My scientific observations in Arizona date back to 1987 when I was a wildlife researcher for New Mexico State University. Based in the Peloncillo Mountains of New Mexico and Arizona, I was introduced firsthand to the biodiversity of the Sky Islands. The broad spectrum of flora and fauna that populated those remote mountains truly belied any fallacies that I had of the southwest being a Lawrence of Arabia-like wasteland.
In the intervening years I have noticed many detrimental changes to our local ecology. Perhaps the best term to describe this process of diminishment of biodiversity is ecological decay. What are the components that have recently contributed to the reduction of birds, mammals, reptiles, amphibians, invertebrates, plants, and fungi? Why have populations of differential grasshoppers, marine blue butterflies, Sonoran toads, various quail species, deer herds, and countless other species been reduced to mere shadows of their former abundance
If our local natural environments, including their flora and fauna, are experiencing an ongoing “death by a thousands cuts,” then perhaps the deepest slice belongs to climate change. This summer’s monsoon season has been one of our hottest and driest in recent decades. Throughout Arizona and the western U. S. the mercury has been rising, as have palls of smoke from seemingly countless wildfires. Quite simply, a warming climate in an already arid region – with tenuous rain at best – is a very quick recipe for disaster. Since many local species of wildlife and native plants flourish only or mostly when there is ample rain, we are at great risk of creating a depauperate, human-made desert out of what has evolved into an ecologically rich region.
Even without climate change Southeast Arizona’s wild species have been on a collision course with its resident primates for over a hundred, if not over 10,000 years. The latter figure ties into Dr. Paul Martin’s famed blitzkrieg hypothesis, which provides compelling evidence that hungry Paleo Indians in the late Pleistocene (ca. 10-12,000 years ago) caused the demise of many giant mammals via their spears. The more recent figure refers to the final surrender of Geronimo and his defiant band of Apache in 1886. It was only then that widespread immigration of Anglo populations occurred in our area. With us came a litany of impacts on our native species.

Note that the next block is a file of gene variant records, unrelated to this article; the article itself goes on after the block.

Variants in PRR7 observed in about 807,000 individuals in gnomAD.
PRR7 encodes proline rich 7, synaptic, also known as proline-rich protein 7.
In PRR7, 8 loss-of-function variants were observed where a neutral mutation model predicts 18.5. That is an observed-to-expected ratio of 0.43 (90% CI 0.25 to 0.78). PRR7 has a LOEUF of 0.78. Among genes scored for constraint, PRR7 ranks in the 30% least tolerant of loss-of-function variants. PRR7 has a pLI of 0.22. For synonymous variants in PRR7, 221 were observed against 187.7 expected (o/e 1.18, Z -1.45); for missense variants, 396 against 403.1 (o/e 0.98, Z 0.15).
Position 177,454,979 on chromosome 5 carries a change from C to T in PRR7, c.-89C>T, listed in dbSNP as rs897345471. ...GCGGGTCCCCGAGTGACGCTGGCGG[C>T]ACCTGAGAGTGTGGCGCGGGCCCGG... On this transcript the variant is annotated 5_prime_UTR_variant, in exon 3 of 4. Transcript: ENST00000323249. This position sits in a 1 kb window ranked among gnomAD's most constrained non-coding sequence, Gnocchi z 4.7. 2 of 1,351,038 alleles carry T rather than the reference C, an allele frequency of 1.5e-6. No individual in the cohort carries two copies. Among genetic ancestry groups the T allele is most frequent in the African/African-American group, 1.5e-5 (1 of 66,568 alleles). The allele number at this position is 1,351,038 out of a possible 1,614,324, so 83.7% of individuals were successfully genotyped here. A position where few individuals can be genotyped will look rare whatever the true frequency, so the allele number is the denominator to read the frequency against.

Rampant overstocking of the range with cattle in the late 1800’s led to loss of topsoil and the conversion of highly productive grasslands to less diverse desert scrub. This trend often continues today with the number of cattle in any one area exceeding the ability of the land to recover. Agriculture changed from local farms and gardens to an increasingly industrial scale, effectively sucking many of our waterways dry or nearly so. In essence we are mining our groundwater at an unsustainable level with increasingly less rain to help resupply this vital resource. Polluted water is a problem as well in many areas – go put your nose to the Santa Cruz River if you would like to prove this!
Nor are chemicals confined to waterways. A few years ago, I was exposed to a throat-tingling dose of herbicide as I drove along I-19 – possibly Roundup, which is a known carcinogen. When I queried a U of A herpetologist as to why some horned lizard populations have crashed, he postulated – “chemicals?” Roads are often more directly deadly to wildlife, as evidenced by the carcasses that regularly pile up from highway impacts.
Add in rampant urbanization and its attendant habitat destruction, nonnative plants and animals taking over the landscape, cell phone tower and wind turbine bird kills, over hunting, and you begin to seen the grim reality that our local species face – ecological decay.
What can we do to mitigate, if not reverse, this alarming trend? Use less water on a daily basis, leaving more in the ground, which often equates to more in our streams. Better yet, establish a rainwater harvesting system. Don’t use manmade chemicals on your landscape or in your home – they always wind up in the environment. Create a diverse, low-water-use landscape of local, native plants that benefit a wide variety of wildlife that flocks to them. Drive slower on our roadways, sparing wildlife a gruesome demise, particularly at dusk and dawn.
Most importantly, given our dwindling natural resources, let’s create a world where we artfully and appropriately interact with the rest of nature. Then, instead of hoarding most of the resources for ourselves we can leave enough for other species – perhaps ultimately proving that we can, after all, share the planet with all of the rest of life. There is only so much pie to go around. This is a call for action, so let’s get off the proverbial bench and do our collective best to help preserve our fragile Sky Islands biodiversity legacy for generations to come.
Vincent Pinto and his wife, Claudia, run RAVENS-WAY WILD JOURNEYS LLC, their Nature Adventure & Conservation organization devoted to protecting and promoting the unique biodiversity of the Sky Islands region. RWWJ offers a wide variety of private, custom-made courses, birding & biodiversity tours. Visit: www.ravensnatureschool.org